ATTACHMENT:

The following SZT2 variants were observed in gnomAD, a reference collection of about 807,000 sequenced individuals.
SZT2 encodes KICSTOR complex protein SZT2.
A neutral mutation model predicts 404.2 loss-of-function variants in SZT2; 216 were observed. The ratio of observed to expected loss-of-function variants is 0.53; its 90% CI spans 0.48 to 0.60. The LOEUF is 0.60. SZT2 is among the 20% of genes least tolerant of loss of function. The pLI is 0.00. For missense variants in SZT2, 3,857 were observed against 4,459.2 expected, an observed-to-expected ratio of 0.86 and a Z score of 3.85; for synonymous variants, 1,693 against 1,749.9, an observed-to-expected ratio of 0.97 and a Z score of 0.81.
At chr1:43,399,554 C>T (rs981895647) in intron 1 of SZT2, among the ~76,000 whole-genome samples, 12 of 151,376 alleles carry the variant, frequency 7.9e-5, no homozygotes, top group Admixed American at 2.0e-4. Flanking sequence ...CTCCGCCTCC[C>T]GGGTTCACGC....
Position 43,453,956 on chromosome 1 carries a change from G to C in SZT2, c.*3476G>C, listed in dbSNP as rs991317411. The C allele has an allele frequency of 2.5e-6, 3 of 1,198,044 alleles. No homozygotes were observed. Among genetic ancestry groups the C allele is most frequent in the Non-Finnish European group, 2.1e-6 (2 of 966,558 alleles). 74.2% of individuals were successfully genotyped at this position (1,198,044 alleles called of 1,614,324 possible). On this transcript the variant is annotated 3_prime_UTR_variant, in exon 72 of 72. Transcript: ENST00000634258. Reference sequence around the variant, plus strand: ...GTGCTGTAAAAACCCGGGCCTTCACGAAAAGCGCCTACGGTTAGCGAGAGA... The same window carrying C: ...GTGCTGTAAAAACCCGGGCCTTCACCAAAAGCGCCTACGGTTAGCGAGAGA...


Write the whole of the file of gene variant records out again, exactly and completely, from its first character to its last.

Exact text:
The following SZT2 variants were observed in gnomAD, a reference collection of about 807,000 sequenced individuals.
SZT2 encodes KICSTOR complex protein SZT2.
A neutral mutation model predicts 404.2 loss-of-function variants in SZT2; 216 were observed. The ratio of observed to expected loss-of-function variants is 0.53; its 90% CI spans 0.48 to 0.60. The LOEUF is 0.60. SZT2 is among the 20% of genes least tolerant of loss of function. The pLI is 0.00. For missense variants in SZT2, 3,857 were observed against 4,459.2 expected, an observed-to-expected ratio of 0.86 and a Z score of 3.85; for synonymous variants, 1,693 against 1,749.9, an observed-to-expected ratio of 0.97 and a Z score of 0.81.
At chr1:43,399,554 C>T (rs981895647) in intron 1 of SZT2, among the ~76,000 whole-genome samples, 12 of 151,376 alleles carry the variant, frequency 7.9e-5, no homozygotes, top group Admixed American at 2.0e-4. Flanking sequence ...CTCCGCCTCC[C>T]GGGTTCACGC....
Position 43,453,956 on chromosome 1 carries a change from G to C in SZT2, c.*3476G>C, listed in dbSNP as rs991317411. The C allele has an allele frequency of 2.5e-6, 3 of 1,198,044 alleles. No homozygotes were observed. Among genetic ancestry groups the C allele is most frequent in the Non-Finnish European group, 2.1e-6 (2 of 966,558 alleles). 74.2% of individuals were successfully genotyped at this position (1,198,044 alleles called of 1,614,324 possible). On this transcript the variant is annotated 3_prime_UTR_variant, in exon 72 of 72. Transcript: ENST00000634258. Reference sequence around the variant, plus strand: ...GTGCTGTAAAAACCCGGGCCTTCACGAAAAGCGCCTACGGTTAGCGAGAGA... The same window carrying C: ...GTGCTGTAAAAACCCGGGCCTTCACCAAAAGCGCCTACGGTTAGCGAGAGA...